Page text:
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Sheriff Ennis Wright faces challenge from Republican LaRue Windham

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A 20-year veteran of law enforcement who was fired over what he says were unfounded allegations of wrongdoing says he hopes to bring trust back to the Cumberland County Sheriff’s Office.

 LaRue Windham, a former deputy operations commander with the Sheriff’s Office, is challenging Sheriff Ennis Wright in his bid for reelection on Tuesday.

 Windham, 63, has a bachelor’s degree in criminal justice administration from the University of Mount Olive. He graduated from the FBI National Academy, where he took classes in leadership, mass media, ethics and policing in a course of study for U.S. and international law enforcement managers.

 He lives in Gray’s Creek and has a son, Cuyler, in 10th grade. Law enforcement runs in his family. His father was the chief deputy for Cumberland County and retired as assistant director of the State Bureau of Investigation. His brother recently retired as a probation and parole officer in the Charlotte area.

 Then-Sheriff Moose Butler fired Windham and Lt. Neelis Smith in March 2008 over allegations they falsified time sheets, according to a report by WRAL News. Authorities said the two billed outside vendors for security jobs they claimed to have worked, although they were on duty for the Sheriff’s Office at the same time, WRAL reported. Windham was never charged with a crime.

Windham said several agencies investigated and there was no evidence of wrongdoing.

“Not one of them found any wrongdoing,” Windham said.  

He has worked since then in the N.C. Department of Correction in a special operations unit. He also was the training coordinator at the Morrison Correctional Institution (now Richmond Correctional Institution) in Richmond County before moving to probation and parole services, where he currently works.  

Windham says the biggest issue facing the Sheriff’s Office is trust.  

“The deputies I’ve spoken with say they aren’t sure who they can talk to without retribution. They don’t feel like they have backing,” he said.  

He said he plans to reestablish trust among deputies by letting them know he will treat them fairly and they will have his support.

“I’m a law enforcement officer, and we are going to enforce the law. You can’t do that if your hands are tied. It’s about being proactive, not reactive,” Windham said.

He also said the public has the right to know what is happening in the Sheriff’s Office, especially when it comes to substance control, fentanyl and the opioid epidemic.  

“None of us have heard about drug-bust arrests, contraband being found. … We need regular press conferences to keep people informed,” Windham said.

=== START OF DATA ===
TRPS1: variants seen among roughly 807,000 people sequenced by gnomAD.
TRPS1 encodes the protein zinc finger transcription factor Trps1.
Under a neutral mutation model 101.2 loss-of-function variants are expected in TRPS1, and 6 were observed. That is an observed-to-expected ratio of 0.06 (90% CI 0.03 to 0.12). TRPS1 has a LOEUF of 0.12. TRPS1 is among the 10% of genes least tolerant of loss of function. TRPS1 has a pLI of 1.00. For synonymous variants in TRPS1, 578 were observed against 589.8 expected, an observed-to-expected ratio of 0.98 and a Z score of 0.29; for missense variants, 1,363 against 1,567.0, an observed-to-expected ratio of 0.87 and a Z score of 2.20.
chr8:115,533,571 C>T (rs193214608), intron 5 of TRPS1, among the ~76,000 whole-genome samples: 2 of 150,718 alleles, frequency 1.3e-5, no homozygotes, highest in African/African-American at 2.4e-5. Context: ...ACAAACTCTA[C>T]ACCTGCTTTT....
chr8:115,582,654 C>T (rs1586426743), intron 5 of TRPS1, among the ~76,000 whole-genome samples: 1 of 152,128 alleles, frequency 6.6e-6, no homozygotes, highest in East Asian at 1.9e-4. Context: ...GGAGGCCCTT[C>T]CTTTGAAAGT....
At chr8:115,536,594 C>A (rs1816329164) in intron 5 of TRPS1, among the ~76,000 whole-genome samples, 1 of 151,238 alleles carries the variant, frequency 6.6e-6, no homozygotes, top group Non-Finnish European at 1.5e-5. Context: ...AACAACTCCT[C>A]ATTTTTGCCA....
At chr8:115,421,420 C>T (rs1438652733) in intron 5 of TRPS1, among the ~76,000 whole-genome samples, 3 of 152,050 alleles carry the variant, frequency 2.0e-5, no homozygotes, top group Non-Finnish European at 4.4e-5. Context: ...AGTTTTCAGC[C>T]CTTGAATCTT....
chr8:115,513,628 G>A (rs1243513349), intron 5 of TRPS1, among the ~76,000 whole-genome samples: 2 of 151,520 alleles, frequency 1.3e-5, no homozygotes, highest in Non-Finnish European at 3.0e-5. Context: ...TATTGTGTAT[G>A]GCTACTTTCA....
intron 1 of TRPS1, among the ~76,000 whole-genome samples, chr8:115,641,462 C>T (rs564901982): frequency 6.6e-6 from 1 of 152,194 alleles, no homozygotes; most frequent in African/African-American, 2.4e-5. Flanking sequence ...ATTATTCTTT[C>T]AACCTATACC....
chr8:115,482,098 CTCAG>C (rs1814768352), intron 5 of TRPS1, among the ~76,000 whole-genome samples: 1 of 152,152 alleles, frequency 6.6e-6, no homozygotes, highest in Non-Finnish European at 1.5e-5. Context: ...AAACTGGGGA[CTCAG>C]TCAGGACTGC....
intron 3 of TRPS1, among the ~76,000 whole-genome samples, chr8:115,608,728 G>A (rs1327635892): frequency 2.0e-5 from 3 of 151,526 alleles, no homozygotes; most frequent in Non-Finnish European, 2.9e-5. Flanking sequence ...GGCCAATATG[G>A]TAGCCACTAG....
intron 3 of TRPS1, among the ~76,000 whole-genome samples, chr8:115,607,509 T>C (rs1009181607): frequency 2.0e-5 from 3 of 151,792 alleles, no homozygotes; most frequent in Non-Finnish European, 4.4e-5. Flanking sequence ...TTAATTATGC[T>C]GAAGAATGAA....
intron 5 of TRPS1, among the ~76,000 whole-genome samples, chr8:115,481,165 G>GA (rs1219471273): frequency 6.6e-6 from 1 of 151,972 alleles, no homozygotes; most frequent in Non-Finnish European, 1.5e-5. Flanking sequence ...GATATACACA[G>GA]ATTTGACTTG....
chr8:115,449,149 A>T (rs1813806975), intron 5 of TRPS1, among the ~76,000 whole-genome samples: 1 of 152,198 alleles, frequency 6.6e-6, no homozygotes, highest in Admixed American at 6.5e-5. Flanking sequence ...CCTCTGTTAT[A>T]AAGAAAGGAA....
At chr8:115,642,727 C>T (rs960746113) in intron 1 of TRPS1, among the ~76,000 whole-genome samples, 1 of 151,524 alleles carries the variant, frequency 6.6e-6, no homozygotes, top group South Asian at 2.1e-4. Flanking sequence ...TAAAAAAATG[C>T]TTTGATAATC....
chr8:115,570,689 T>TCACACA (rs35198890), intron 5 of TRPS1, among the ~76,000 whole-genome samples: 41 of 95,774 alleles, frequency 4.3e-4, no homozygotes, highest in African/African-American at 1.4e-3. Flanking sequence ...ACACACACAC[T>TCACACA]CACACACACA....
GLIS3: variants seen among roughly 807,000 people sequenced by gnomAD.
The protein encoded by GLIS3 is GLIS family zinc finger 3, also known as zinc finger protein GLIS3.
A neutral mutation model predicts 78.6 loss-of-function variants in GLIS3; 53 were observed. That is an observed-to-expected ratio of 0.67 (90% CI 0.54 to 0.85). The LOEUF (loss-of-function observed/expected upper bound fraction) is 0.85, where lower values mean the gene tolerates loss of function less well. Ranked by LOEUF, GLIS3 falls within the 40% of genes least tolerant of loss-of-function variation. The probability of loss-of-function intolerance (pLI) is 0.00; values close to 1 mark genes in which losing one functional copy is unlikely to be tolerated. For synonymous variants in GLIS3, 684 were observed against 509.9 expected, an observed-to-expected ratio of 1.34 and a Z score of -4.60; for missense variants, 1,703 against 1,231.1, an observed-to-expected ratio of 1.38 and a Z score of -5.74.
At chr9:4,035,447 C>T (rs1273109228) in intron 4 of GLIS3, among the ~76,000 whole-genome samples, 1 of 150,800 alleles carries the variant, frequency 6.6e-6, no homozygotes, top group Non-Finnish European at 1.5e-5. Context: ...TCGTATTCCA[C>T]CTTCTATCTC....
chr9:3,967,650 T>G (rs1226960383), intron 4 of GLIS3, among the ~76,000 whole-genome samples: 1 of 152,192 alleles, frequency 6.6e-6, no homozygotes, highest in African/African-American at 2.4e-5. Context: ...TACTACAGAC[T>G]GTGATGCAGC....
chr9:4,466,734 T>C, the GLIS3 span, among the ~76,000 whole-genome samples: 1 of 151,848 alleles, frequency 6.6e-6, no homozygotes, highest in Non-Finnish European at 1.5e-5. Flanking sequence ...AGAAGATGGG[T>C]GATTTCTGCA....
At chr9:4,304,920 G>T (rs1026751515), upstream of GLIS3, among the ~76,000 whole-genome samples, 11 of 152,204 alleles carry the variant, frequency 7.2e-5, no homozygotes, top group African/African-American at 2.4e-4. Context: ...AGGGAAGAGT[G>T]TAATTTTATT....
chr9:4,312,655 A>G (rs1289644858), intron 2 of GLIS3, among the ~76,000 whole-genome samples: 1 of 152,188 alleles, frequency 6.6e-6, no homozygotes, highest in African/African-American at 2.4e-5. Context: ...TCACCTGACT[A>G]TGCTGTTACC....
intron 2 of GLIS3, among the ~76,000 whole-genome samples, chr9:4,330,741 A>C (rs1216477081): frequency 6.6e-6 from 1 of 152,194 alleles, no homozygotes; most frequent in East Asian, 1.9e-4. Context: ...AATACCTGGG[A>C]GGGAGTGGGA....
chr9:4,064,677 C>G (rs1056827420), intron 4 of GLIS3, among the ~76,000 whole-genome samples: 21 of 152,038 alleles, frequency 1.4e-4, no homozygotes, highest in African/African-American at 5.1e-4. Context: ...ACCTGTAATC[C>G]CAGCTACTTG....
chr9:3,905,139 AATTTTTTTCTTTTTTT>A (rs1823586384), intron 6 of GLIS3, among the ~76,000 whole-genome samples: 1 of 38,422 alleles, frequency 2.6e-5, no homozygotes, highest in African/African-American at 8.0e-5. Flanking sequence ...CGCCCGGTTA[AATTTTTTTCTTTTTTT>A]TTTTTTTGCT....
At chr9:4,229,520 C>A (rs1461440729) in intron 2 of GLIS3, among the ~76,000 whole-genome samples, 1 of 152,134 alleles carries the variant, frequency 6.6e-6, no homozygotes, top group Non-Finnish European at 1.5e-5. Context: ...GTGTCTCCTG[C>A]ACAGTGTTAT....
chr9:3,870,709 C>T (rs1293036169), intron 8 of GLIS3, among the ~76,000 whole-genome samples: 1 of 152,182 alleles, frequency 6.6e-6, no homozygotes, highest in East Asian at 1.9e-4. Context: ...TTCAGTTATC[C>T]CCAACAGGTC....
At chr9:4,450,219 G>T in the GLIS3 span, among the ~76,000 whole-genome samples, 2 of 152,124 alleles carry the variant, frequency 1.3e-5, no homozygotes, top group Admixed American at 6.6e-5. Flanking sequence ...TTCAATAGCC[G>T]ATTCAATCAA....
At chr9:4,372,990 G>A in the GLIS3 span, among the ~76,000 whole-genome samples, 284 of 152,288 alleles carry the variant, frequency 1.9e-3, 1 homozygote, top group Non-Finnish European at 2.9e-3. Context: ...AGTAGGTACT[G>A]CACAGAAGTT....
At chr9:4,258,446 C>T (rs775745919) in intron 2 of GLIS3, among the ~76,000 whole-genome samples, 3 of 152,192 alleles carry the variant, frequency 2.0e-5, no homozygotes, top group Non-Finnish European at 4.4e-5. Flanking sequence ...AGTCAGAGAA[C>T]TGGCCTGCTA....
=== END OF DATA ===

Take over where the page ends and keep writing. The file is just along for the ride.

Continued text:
He said the safety of schools must be paramount.  

“Each high school has a school resource officer. It should be determined by population. We have to have more of a presence within the schools,” Windham said. 

Sheriff Wright did not respond to multiple requests for an interview.  

According to Wright’s campaign website, the sheriff is a Fayetteville native who has spent almost 30 years in law enforcement. He is a graduate of Terry Sanford High School and attended basic training and individual training at Fort Knox and was an honors graduate. He ended his military career honorably and attended basic law enforcement training at Robeson Community College in Lumberton. He worked with the Spring Lake Police Department before joining the Cumberland County Sheriff’s Office as a road deputy.  

Wright was promoted to senior sergeant and major working in the operations division that encompassed uniformed patrol, community policing, interstate criminal enforcement, criminal intelligence and special response. Before being named sheriff, he assumed supervision of the entire office as chief deputy.  

He was appointed sheriff on Jan. 3, 2017, and was elected to the job in 2018. He has served two terms.  

In 2018, Wright initiated the Citizens Academy, which connects and educates the public with services available through the Sheriff’s Office.  

He hopes to continue national accreditation for the Sheriff’s Office; mentorship and deterrent programs; a jail GED program; combating the opioid epidemic; working relationships with local, state and national agencies; community policing units; and further training for deputies, according to his website.  

 

Elections 2022, Cumberland County, sheriff, Ennis Wright, LaRue Windham